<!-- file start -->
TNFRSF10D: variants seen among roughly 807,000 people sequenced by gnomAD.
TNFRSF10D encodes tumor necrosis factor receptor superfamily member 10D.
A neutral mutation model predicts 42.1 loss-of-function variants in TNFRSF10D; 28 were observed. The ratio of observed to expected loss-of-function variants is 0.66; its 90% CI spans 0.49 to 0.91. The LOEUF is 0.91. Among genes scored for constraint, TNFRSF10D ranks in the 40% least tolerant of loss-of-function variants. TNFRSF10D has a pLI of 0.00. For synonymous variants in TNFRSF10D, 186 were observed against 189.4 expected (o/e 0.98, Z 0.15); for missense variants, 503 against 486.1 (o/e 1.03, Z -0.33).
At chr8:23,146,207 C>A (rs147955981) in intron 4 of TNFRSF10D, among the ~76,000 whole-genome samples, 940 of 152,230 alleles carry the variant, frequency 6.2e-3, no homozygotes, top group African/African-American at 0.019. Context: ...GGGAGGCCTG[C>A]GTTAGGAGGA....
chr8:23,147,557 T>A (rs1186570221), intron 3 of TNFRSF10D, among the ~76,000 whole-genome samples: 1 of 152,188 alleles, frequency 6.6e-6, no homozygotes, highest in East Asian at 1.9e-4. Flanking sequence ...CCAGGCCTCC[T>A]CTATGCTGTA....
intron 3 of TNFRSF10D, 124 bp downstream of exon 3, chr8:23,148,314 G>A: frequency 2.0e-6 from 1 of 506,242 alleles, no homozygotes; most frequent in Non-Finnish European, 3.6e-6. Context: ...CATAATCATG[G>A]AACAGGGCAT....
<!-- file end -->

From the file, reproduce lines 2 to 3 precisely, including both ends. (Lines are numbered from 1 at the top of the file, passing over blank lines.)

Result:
TNFRSF10D encodes tumor necrosis factor receptor superfamily member 10D.
A neutral mutation model predicts 42.1 loss-of-function variants in TNFRSF10D; 28 were observed. The ratio of observed to expected loss-of-function variants is 0.66; its 90% CI spans 0.49 to 0.91. The LOEUF is 0.91. Among genes scored for constraint, TNFRSF10D ranks in the 40% least tolerant of loss-of-function variants. TNFRSF10D has a pLI of 0.00. For synonymous variants in TNFRSF10D, 186 were observed against 189.4 expected (o/e 0.98, Z 0.15); for missense variants, 503 against 486.1 (o/e 1.03, Z -0.33).